The Meeting of the Waters: How can a swashbuckling Celtic epic be BORING?!?

fantasy book reviews science fiction book reviewsbook review Caiseal Mor The Watchers: The Meeting of the WatersThe Meeting of the Waters by Caiseal Mor

With its gorgeous knotwork cover art and the back-cover blurb about “brave, copper-haired Aoife,” the publishers evidently mean to recommend Caiseal Mor‘s The Meeting of the Waters to readers who’ve read and loved Marillier’s Sevenwaters series, the popular trilogy of Celtic epics featuring strong female protagonists. That’s why I bought this book myself. I expected a similar kind of story, complete with adventure, love, war, and magic. The setting is the time of the Gaelic conquest of Ireland, among the Danaan and Fir Bolg tribes who resist the invasion.

Unfortunately, for about the first 500 pages of this book, the love and war and magic are there, but seen from a distance. It’s as if Daughter of the Forest had been told from the POV of the cook Janis, or something. We never get to know any of the lead characters very well, and most of them are unsympathetic. Aoife is a spoiled brat, and a minor character to boot. Her father, King Brocan of the Fir Bolg, is insufferably stubborn; Queen Riona lives only to humiliate her husband. Of their two sons, one is dull and the other foolish and gullible. On top of everything else, most of the exciting events take place “offstage” during these first 500 pages. Mostly, we see the characters arguing about the events in the mead-hall. So, for 500 pages, a bunch of jerks sit around and bicker, and refuse to actually get anything done, for fear of accidentally benefiting their old rivals, the Danaan. At one point, the “wise” Druid judge assigned to deal with the situation comes up with a solution that could make the Danaan and Fir Bolg work together. I, the reader, had thought of it some 100 pages earlier. And I’m no all-wise Druid. I spent most of the book yelling at the characters to grow up.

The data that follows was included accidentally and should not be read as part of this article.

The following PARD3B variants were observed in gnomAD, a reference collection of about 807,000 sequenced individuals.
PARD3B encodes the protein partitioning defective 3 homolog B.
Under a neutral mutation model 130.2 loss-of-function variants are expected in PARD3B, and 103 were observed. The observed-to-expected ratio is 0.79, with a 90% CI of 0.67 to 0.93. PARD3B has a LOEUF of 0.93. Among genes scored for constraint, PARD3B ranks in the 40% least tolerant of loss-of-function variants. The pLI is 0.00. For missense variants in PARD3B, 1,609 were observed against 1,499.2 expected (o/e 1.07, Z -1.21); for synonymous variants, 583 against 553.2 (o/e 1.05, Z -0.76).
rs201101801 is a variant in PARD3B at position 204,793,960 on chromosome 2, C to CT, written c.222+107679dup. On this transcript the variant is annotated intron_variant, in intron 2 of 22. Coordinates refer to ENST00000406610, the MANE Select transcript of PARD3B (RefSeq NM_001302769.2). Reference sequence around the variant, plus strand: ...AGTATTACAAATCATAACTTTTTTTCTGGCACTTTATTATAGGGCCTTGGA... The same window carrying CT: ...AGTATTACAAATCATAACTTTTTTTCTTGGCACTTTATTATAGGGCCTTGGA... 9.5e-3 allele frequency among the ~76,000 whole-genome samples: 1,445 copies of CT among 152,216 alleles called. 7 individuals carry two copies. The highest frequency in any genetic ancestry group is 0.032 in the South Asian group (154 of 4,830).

It gets a little better in the last hundred or so pages. The characters spend a truly creepy night in a Fomorian wood, and after that there is a battle. However, the result is sort of anticlimactic; if feels like we could have gotten there several hundred pages ago.

And by the way, how does the Quicken tree work? At the beginning, it was said that its berries would provide immortality only if the user consumed them once a year for the rest of his/her life. By the end of the book, Mor seems to have forgotten that, and the berries confer instant immortality on anyone who takes them. It changes the meaning of the ending quite a lot.

Caiseal Mor‘s style just isn’t for me.

The Watchers — (2000-2003) Publisher: Brave, copper-haired Aoife was the daughter of a king, a bold young woman full of life and mischief. But on one winter’s night she and her brothers took part in an act of careless mischief with consequences they could never have imagined — and a deadly blood price must be paid. In the forests to the west, a deadly force is stirring. Off the shores of Innisfail, a new enemy is fast approaching. The druid Dalan has been sent to unite two squabbling kings in the face of this overwhelming force, but chaos and confusion confront him at every turn. As dangerous bargains are made and broken, and truces struck and disregarded, Dalan begins to suspect that an even greater enemy is moving against Innisfail. The last of the Watchers are growing bored. But mortals are an interesting game.

Caiseal Mor The Watchers review 1. The Meeting of the Waters 2. The King of Sleep 3. The Raven Game Caiseal Mor The Watchers review 1. The Meeting of the Waters 2. The King of Sleep 3. The Raven Game Caiseal Mor The Watchers review 1. The Meeting of the Waters 2. The King of Sleep 3. The Raven Game


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KELLY LASITER, with us since July 2008, is a mild-mannered academic administrative assistant by day, but at night she rules over a private empire of tottering bookshelves. Kelly is most fond of fantasy set in a historical setting (a la Jo Graham) or in a setting that echoes a real historical period (a la George RR Martin and Jacqueline Carey). She also enjoys urban fantasy and its close cousin, paranormal romance, though she believes these subgenres’ recent burst in popularity has resulted in an excess of dreck. She is a sucker for pretty prose (she majored in English, after all) and mythological themes.

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